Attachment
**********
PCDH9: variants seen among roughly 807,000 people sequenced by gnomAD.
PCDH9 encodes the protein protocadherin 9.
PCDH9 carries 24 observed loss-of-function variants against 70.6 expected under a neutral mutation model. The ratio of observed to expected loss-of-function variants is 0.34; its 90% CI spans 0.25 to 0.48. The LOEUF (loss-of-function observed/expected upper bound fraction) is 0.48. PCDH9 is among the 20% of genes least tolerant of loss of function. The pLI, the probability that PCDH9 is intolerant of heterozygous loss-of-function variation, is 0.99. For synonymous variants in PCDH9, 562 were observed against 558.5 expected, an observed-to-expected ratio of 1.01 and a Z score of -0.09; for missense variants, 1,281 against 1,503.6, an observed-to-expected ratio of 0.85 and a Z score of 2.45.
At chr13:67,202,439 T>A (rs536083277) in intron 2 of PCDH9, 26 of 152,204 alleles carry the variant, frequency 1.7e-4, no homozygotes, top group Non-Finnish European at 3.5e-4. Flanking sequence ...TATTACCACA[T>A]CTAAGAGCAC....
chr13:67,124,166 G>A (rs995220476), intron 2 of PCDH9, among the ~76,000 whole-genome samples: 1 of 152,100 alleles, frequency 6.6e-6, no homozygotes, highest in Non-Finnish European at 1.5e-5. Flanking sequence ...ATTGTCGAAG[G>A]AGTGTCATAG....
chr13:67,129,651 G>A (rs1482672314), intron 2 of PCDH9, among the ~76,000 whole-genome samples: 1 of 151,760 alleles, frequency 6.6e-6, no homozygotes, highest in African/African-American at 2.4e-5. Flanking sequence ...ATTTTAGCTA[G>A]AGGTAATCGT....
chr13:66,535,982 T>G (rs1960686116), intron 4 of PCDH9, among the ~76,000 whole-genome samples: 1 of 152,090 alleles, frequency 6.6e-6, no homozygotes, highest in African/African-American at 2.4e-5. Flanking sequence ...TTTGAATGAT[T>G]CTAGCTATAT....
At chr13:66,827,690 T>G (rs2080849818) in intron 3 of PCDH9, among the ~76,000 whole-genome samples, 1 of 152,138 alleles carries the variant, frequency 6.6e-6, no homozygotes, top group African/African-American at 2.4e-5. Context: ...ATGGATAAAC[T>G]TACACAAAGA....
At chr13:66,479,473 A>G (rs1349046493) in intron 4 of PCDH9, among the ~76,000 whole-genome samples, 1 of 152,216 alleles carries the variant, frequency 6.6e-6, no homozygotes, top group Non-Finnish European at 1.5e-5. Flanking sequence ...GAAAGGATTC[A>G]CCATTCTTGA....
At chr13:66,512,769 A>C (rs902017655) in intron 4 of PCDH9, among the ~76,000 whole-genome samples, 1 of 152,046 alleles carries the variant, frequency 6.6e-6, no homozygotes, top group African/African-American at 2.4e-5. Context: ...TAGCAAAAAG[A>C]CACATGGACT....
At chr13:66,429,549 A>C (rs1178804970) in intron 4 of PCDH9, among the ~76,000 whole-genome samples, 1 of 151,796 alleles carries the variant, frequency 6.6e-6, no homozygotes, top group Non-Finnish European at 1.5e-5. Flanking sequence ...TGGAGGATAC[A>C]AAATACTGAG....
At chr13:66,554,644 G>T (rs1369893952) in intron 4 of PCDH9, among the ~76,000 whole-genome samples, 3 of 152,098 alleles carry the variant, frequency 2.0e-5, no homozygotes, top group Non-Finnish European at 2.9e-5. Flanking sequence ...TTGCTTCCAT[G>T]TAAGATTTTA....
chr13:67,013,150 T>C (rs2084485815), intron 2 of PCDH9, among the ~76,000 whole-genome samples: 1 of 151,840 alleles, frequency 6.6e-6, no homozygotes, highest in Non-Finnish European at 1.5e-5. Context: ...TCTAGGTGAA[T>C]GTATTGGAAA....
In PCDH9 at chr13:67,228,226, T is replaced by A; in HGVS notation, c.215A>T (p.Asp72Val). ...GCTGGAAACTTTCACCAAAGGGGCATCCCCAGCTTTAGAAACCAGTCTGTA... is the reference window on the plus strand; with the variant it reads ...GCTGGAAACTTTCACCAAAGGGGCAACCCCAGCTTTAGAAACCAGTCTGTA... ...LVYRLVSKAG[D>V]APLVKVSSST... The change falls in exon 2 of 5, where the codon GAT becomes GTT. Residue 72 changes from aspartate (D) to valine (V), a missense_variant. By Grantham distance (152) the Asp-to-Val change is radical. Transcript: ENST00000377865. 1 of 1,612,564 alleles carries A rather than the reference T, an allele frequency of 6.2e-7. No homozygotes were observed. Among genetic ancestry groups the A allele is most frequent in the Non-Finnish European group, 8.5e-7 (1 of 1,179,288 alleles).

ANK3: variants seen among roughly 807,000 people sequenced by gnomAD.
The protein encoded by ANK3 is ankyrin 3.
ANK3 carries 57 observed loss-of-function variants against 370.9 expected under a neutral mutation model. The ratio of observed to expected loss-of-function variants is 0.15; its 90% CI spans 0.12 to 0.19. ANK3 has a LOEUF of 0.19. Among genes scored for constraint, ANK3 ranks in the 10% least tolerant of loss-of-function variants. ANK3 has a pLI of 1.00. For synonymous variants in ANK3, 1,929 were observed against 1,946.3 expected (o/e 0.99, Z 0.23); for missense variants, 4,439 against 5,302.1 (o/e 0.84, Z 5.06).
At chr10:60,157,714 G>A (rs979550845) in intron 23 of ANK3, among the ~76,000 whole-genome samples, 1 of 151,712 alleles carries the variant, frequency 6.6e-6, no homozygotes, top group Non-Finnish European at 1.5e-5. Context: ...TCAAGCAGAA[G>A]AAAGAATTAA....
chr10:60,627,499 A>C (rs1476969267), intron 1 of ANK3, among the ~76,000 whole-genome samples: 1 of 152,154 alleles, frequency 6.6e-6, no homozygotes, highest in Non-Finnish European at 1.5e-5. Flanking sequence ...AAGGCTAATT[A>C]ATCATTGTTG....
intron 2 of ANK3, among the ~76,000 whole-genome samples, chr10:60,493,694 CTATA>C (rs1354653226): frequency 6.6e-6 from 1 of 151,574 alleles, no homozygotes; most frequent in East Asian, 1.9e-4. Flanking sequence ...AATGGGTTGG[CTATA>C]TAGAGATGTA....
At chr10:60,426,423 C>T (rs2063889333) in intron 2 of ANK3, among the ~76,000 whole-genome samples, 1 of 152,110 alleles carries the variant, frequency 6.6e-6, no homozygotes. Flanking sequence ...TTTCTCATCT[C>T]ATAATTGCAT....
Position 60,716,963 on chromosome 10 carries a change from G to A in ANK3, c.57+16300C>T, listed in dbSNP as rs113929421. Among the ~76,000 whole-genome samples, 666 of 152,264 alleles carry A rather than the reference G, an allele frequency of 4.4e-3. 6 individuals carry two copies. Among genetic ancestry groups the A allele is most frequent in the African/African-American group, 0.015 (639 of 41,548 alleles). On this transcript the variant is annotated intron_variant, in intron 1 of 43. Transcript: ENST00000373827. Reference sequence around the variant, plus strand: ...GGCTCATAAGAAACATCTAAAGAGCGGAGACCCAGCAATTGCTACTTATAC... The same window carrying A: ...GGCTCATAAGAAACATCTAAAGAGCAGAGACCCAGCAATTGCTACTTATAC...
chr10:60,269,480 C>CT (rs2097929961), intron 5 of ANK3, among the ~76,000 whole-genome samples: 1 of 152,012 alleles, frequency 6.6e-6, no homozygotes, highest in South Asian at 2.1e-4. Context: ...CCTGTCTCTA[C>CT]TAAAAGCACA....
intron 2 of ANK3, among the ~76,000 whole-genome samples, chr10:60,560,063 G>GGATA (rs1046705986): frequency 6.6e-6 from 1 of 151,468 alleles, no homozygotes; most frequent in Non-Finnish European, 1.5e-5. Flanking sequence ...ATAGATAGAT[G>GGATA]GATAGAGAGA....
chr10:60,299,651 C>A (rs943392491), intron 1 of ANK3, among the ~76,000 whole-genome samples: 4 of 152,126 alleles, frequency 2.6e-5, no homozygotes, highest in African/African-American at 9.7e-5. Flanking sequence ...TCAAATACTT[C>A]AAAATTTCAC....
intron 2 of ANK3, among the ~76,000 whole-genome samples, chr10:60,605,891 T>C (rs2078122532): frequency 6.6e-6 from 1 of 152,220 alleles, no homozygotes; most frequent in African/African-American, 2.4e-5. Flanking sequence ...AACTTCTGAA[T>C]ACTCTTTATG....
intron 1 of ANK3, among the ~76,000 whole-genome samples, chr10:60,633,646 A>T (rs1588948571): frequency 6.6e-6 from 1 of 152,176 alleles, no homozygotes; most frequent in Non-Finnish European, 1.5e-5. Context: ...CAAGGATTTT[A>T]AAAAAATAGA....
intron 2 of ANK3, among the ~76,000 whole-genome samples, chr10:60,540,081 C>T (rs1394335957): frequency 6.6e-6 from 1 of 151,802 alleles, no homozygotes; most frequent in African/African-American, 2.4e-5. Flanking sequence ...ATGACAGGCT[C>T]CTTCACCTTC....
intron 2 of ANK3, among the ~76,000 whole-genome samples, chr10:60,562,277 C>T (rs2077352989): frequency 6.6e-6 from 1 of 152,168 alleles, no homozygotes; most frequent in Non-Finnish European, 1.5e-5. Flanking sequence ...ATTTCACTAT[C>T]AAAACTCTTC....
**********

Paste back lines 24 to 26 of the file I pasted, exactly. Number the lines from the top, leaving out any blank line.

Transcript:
intron 2 of ANK3, among the ~76,000 whole-genome samples, chr10:60,560,063 G>GGATA (rs1046705986): frequency 6.6e-6 from 1 of 151,468 alleles, no homozygotes; most frequent in Non-Finnish European, 1.5e-5. Flanking sequence ...ATAGATAGAT[G>GGATA]GATAGAGAGA....
chr10:60,299,651 C>A (rs943392491), intron 1 of ANK3, among the ~76,000 whole-genome samples: 4 of 152,126 alleles, frequency 2.6e-5, no homozygotes, highest in African/African-American at 9.7e-5. Flanking sequence ...TCAAATACTT[C>A]AAAATTTCAC....
intron 2 of ANK3, among the ~76,000 whole-genome samples, chr10:60,605,891 T>C (rs2078122532): frequency 6.6e-6 from 1 of 152,220 alleles, no homozygotes; most frequent in African/African-American, 2.4e-5. Flanking sequence ...AACTTCTGAA[T>C]ACTCTTTATG....